DIP: ‘Hard Fun’ Learning Mathematics: Stimulating Number Sense

PIs: Daphne Bavelier, Justin Halberda, Alan Gershenfeld, Michael Angst, Michael Levine
University of Rochester
Award Detail

This project focuses on development of number sense in 7 to 11 year old students through a 3D action game that will train the brain. The project tests a hypothesis that playing a number-sense action game can help children learn beyond the game, making them better overall at number-line sense, precision of numerosity, speed of numerical judgments, and ability to multitask numerical tasks. The innovation is twofold: a game, adapted from first-person shooter games, to train number sense, and a platform that makes it easy to vary aspects of the game (e.g., repetition, speed, number of possibilities) to be able to analyze what is it that is making a difference with respect to learning. Research is identifying the qualities of computer games that will train the brain to be automatic in its judgments and at qualities of experiences that promote such automaticity.

This project aims to promote fundamental mathematical competence in a way that makes the mathematics learning feel effortless and genuinely fun. In particular, the aim is to help children develop number sense, an ability to very quickly make estimates and numerical judgments. Such capability is key to keeping up in mathematics; children without that sense tend to lose interest in mathematics because mathematical computation becomes too frustrating. Training number sense, and, in turn, fostering mathematical performance, should allow more learners to think of themselves as “good at math.” Cultivating a child’s interest in mathematics from a young age has been identified as key to feeding STEM career paths.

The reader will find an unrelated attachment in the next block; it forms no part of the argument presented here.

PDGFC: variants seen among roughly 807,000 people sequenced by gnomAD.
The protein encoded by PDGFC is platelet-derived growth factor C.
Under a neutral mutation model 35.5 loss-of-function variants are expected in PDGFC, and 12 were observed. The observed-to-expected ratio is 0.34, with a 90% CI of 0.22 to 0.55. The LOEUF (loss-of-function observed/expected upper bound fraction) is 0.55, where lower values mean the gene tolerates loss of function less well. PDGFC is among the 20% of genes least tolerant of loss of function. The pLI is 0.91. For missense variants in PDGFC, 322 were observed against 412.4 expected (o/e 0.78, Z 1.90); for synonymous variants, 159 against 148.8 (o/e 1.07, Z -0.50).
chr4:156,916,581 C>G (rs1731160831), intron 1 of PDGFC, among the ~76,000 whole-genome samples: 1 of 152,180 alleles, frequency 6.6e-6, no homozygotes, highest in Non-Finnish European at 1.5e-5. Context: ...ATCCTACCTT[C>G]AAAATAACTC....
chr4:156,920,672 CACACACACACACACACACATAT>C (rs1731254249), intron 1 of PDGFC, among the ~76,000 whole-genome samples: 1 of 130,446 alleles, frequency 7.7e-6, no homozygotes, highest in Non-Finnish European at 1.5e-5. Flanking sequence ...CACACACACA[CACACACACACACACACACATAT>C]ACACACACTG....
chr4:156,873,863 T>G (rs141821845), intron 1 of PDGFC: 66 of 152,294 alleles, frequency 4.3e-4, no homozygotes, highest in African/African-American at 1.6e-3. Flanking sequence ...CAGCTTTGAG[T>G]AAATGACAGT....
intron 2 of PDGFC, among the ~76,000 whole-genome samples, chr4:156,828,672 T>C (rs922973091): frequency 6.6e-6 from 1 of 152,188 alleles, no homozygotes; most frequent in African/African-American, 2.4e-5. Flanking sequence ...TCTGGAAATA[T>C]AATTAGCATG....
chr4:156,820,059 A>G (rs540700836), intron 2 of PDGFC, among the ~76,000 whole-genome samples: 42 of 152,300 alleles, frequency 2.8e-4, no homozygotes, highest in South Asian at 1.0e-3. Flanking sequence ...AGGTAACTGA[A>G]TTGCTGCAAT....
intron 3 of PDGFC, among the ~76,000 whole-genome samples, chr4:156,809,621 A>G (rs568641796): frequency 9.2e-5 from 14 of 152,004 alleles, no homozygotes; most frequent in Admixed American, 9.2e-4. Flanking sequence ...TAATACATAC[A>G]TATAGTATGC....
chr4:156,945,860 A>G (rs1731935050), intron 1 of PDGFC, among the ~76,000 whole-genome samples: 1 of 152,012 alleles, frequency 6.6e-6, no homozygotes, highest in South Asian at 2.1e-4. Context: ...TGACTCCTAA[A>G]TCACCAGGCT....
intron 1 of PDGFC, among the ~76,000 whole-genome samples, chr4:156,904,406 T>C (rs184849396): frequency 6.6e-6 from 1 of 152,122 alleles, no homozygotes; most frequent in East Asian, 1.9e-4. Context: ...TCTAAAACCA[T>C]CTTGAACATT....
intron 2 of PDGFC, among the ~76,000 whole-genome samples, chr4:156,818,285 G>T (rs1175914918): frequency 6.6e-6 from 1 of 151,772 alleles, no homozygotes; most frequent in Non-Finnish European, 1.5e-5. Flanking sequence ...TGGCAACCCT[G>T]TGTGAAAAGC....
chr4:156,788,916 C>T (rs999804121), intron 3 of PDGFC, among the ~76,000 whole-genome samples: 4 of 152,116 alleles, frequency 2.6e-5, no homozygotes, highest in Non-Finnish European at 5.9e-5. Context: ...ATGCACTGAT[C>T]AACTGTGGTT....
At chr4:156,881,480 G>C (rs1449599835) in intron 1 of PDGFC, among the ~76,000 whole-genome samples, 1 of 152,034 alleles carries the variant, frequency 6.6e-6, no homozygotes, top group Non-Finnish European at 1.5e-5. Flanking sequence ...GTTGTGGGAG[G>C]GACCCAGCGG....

The vehicle for promoting such mathematics learning is a new type of video game with foundations in first-person shooter games. Rather than shooting, players cast spells that require quick numerical estimates. There is reason to believe that such a game will be as engaging as first-person shooter games are. First-person shooter games have been shown to increase attention and executive control in adults, the kinds of cognitive skills known to foster academic achievement. Because engaging video games will reach and be played by a wide range of children; such a game has potential to reach at-risk populations who most need to better develop their number sense and those important skills. The intent is for the game to be used in informal settings, providing a complementary tool for educators to foster mathematics skills. Research that is done in the context of this game will identify the characteristics of game play that promote skill automation, foundational knowledge that is needed to provide a road map for creating child-friendly consumer video games to improve other important aspects of core cognition beyond number sense.

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